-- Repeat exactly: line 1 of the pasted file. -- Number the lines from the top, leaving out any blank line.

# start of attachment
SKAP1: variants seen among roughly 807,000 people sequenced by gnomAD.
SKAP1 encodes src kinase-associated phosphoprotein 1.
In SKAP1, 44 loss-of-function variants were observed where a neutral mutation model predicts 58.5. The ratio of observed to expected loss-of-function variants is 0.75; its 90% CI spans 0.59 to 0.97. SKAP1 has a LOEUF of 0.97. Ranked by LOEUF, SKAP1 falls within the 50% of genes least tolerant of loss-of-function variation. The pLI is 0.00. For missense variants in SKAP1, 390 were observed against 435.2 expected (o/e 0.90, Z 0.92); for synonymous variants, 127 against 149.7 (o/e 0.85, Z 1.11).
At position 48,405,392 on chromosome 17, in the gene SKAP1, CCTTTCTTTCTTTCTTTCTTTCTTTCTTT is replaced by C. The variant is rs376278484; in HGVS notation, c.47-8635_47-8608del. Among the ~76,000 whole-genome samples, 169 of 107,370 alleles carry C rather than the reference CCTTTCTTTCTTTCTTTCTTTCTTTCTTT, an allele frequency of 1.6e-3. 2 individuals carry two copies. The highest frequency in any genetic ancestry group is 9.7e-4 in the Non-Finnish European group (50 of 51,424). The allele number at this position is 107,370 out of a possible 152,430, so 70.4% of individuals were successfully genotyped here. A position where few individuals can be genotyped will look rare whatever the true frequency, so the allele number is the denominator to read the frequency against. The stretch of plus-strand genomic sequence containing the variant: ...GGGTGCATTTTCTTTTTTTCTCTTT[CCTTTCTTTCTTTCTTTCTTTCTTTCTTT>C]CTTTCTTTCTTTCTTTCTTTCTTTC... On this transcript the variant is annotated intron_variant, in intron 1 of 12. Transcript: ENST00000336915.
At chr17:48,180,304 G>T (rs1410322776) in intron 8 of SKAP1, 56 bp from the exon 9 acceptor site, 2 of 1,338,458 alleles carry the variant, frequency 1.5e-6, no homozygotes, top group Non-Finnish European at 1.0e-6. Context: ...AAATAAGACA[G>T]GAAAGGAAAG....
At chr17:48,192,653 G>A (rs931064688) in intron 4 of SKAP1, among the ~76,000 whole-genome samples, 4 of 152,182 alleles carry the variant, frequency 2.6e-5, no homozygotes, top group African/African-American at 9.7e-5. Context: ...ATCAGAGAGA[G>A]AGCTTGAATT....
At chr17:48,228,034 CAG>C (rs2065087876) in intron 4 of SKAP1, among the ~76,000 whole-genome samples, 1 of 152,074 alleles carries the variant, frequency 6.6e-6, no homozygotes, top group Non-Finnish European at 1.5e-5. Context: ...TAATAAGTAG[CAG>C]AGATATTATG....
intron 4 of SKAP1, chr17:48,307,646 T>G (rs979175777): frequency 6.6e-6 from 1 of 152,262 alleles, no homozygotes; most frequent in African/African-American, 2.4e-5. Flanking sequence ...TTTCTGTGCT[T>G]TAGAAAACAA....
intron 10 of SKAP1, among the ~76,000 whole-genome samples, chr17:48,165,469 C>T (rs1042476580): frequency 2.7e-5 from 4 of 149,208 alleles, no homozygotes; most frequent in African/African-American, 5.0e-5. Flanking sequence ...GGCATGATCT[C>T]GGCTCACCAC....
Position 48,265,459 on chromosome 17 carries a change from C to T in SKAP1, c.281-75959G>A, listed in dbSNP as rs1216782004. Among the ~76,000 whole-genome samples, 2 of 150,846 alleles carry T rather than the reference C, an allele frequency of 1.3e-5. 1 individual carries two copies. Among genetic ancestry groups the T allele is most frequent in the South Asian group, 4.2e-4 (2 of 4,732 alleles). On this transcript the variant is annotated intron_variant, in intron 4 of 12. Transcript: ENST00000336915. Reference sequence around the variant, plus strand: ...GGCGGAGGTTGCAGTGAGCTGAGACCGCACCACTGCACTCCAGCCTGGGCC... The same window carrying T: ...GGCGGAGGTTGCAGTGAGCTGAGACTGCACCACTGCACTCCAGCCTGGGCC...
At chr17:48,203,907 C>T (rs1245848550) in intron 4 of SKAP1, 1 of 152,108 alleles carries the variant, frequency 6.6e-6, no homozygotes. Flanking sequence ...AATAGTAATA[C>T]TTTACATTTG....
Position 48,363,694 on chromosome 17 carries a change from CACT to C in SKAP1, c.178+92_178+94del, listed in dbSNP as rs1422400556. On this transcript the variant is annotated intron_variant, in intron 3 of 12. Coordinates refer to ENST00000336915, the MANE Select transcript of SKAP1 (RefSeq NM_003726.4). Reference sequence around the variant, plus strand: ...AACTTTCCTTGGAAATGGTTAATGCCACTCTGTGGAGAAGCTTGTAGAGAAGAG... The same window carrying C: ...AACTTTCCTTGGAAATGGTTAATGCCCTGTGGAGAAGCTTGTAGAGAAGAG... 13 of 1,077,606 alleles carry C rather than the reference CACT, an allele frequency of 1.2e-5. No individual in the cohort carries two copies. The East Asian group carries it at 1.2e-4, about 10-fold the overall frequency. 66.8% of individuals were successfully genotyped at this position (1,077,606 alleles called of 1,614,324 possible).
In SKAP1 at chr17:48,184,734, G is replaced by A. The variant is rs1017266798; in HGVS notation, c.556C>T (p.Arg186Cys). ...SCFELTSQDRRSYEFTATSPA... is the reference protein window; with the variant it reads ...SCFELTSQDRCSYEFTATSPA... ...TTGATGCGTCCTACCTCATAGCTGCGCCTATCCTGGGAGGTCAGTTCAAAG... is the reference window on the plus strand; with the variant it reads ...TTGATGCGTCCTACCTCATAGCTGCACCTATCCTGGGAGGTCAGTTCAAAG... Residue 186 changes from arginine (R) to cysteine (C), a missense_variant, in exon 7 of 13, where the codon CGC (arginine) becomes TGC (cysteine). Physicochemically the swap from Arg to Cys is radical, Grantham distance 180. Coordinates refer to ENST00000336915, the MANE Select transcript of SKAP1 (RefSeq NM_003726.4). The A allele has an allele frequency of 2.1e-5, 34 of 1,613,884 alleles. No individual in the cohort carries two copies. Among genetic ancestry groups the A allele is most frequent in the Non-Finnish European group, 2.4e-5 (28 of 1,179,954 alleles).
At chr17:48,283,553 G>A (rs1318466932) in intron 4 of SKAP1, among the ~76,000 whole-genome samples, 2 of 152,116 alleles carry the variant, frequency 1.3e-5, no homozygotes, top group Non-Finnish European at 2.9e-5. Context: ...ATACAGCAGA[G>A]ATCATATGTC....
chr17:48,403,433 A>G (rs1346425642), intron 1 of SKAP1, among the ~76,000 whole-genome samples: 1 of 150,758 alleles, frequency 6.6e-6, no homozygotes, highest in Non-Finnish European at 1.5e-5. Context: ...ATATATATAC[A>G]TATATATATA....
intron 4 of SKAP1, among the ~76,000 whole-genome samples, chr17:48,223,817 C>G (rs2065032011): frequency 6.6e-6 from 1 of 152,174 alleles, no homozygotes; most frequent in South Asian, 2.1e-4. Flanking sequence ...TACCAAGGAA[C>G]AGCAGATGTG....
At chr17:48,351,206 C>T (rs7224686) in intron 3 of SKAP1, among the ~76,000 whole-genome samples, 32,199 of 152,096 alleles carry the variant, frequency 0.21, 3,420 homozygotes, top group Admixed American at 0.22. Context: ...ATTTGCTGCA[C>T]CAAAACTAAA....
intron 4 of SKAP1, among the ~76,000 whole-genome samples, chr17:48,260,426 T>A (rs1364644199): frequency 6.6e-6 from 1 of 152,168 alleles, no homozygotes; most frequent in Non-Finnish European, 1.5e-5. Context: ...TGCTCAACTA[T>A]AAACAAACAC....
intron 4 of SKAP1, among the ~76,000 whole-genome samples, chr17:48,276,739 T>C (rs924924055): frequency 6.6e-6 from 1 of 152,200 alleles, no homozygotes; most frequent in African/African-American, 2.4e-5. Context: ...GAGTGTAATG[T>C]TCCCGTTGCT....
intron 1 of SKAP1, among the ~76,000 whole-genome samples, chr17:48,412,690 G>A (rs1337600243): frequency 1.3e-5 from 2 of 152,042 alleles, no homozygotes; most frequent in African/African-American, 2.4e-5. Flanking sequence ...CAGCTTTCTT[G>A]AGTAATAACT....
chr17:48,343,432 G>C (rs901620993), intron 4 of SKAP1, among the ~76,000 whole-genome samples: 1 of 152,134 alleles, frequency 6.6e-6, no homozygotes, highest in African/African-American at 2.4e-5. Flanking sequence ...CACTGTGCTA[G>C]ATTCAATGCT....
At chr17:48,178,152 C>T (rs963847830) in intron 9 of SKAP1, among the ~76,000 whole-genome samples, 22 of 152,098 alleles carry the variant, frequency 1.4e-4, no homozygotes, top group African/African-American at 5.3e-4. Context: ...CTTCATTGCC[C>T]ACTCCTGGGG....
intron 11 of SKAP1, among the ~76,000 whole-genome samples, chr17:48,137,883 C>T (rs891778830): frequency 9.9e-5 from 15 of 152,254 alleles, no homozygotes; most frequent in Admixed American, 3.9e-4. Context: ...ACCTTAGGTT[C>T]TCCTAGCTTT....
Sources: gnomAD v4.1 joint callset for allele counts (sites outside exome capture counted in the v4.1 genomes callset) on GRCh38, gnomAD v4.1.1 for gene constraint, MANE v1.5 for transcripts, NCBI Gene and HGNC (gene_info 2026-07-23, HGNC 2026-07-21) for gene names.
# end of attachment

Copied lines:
SKAP1: variants seen among roughly 807,000 people sequenced by gnomAD.